IT’S a kind of trading post for fruit, vegetables and crafts.
And yesterday the Southsea Greenhouse co-operative threw open the gates of its community garden with great fanfare.
The Southsea Greenhouse team began work on the space near Canoe Lake in January.
Leased from the council, the uncultivated land was a jungle of weeds, and volunteers have been clearing it up, recycling vegetation and preparing the ground for planting.
A kind of city-wide version of TV’s The Good Life, which centred on a couple who grew their own food, the Greenhouse scheme involved local gardeners and charities contributing to a ‘shack’ bursting with produce on Southsea seafront.
They could swap and barter and passers-by could buy the goods.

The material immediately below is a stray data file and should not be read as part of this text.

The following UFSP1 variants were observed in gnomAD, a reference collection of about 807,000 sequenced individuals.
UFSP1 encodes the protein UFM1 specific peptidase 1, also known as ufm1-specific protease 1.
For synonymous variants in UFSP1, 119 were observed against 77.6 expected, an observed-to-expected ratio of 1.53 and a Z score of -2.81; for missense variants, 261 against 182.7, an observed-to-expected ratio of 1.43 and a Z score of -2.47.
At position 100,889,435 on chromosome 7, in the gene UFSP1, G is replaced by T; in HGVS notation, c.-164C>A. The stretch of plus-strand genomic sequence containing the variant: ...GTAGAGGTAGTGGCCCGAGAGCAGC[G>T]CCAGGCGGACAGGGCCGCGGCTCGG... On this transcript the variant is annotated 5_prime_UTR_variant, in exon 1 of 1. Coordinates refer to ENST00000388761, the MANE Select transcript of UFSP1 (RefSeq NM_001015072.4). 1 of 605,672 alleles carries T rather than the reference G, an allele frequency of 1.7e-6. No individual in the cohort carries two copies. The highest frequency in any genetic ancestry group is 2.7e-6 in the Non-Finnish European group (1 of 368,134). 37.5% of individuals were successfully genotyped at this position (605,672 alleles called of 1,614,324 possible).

Set up by Sue Stokes and member Nigel Huggins, the profits are ploughed back into its projects.
On sunny days, manning the ‘shack’ was joyful, said Sue. But they’d also be shivering on the seafront with the wind blowing the pots over.
Thankfully the nearby Pyramids Centre allowed the Greenhouse’s team to set up and demonstrate in the foyer, but now they can be in their own home at the Community Garden. Sue said: ‘The shack on the seafront was a bit like our starter home.
‘It was a pilot for us, somewhere to begin.
‘It wasn’t feasible on the seafront because the footfall was very, very seasonal.
‘To some extent it’s seasonal where we are now, but it’s more sheltered so you get more people coming past, and they can actually see us growing things.’
The day was kicked off by Portsmouth’s culture councillor Lee Hunt.
There was music and entertainment, and even a representative of the Royal Horticultural Society.
‘We had 40 volunteers and craft people, and had lots of people picking up volunteer forms and asking to become members of the co-operative. It was very successful.’
For more information, visit the group online at southseagreenhouse.co.uk.